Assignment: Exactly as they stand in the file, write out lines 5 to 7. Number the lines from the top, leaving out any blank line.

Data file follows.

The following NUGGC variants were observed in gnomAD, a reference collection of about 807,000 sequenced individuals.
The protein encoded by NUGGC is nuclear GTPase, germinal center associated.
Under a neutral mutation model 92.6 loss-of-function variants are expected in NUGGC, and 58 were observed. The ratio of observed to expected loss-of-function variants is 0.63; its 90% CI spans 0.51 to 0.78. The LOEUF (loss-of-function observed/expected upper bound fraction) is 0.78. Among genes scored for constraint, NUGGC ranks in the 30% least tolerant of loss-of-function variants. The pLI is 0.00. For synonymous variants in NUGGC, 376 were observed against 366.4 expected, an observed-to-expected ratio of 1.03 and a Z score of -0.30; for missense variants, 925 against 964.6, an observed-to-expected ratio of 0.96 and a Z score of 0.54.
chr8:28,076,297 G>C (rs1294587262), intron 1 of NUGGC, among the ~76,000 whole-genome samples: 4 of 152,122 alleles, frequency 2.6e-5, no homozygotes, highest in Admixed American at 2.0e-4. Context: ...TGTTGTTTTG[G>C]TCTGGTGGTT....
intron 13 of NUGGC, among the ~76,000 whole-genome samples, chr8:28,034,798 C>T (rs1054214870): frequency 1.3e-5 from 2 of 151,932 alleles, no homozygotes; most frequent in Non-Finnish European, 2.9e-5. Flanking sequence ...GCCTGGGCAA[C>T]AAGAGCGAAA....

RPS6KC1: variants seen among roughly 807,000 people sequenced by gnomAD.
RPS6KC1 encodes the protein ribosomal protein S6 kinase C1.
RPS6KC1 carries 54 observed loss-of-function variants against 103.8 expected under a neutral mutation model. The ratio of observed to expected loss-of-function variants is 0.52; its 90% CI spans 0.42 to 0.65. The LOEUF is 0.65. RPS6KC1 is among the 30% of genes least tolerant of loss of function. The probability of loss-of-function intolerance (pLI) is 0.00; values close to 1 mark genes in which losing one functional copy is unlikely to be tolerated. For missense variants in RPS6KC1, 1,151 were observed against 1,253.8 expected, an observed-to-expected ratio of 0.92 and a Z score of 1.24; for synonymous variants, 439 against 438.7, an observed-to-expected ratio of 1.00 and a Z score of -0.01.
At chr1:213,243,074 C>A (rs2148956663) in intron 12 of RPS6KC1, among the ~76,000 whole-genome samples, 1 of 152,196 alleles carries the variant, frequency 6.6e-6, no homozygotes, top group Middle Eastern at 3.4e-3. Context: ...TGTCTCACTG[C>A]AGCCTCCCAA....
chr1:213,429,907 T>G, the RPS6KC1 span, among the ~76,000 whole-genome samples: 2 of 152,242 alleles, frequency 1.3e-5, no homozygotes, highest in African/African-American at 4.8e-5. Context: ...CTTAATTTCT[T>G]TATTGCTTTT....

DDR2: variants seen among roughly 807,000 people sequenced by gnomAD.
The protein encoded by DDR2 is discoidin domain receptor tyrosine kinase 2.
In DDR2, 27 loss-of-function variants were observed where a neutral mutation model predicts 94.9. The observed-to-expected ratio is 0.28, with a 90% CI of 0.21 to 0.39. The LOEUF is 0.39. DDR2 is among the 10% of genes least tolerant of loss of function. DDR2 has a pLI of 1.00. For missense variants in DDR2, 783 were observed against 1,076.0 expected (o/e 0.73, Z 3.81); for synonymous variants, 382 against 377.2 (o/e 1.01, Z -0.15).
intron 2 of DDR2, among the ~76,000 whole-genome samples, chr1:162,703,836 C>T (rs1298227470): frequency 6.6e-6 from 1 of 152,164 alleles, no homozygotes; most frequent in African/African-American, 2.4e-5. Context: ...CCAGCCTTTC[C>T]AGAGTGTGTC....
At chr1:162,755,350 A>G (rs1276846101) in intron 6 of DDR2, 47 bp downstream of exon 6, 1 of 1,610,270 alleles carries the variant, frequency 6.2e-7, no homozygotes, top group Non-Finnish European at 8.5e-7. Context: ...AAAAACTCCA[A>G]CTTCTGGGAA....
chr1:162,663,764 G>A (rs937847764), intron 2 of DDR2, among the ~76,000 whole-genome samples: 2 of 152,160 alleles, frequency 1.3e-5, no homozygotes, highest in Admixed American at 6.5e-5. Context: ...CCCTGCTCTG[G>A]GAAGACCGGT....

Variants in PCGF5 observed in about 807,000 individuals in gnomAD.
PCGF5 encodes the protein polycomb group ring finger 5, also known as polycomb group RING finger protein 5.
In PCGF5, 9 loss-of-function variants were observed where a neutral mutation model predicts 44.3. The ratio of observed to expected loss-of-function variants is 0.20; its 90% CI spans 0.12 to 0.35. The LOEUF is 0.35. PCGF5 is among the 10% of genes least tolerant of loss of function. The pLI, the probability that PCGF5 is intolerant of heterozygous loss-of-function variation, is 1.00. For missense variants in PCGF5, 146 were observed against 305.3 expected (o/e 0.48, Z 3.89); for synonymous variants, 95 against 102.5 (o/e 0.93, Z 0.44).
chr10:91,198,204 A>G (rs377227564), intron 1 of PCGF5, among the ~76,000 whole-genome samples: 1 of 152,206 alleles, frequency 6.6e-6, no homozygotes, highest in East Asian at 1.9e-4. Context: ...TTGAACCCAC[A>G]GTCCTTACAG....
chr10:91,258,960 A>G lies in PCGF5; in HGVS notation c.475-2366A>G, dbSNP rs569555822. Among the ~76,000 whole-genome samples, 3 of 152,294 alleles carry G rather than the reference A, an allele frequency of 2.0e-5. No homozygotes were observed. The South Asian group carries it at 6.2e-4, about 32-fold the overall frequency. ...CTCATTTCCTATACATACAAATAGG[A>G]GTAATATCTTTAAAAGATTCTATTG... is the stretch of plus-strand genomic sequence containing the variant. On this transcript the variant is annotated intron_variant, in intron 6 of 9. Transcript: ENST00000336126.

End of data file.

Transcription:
intron 13 of NUGGC, among the ~76,000 whole-genome samples, chr8:28,034,798 C>T (rs1054214870): frequency 1.3e-5 from 2 of 151,932 alleles, no homozygotes; most frequent in Non-Finnish European, 2.9e-5. Flanking sequence ...GCCTGGGCAA[C>T]AAGAGCGAAA....

RPS6KC1: variants seen among roughly 807,000 people sequenced by gnomAD.
RPS6KC1 encodes the protein ribosomal protein S6 kinase C1.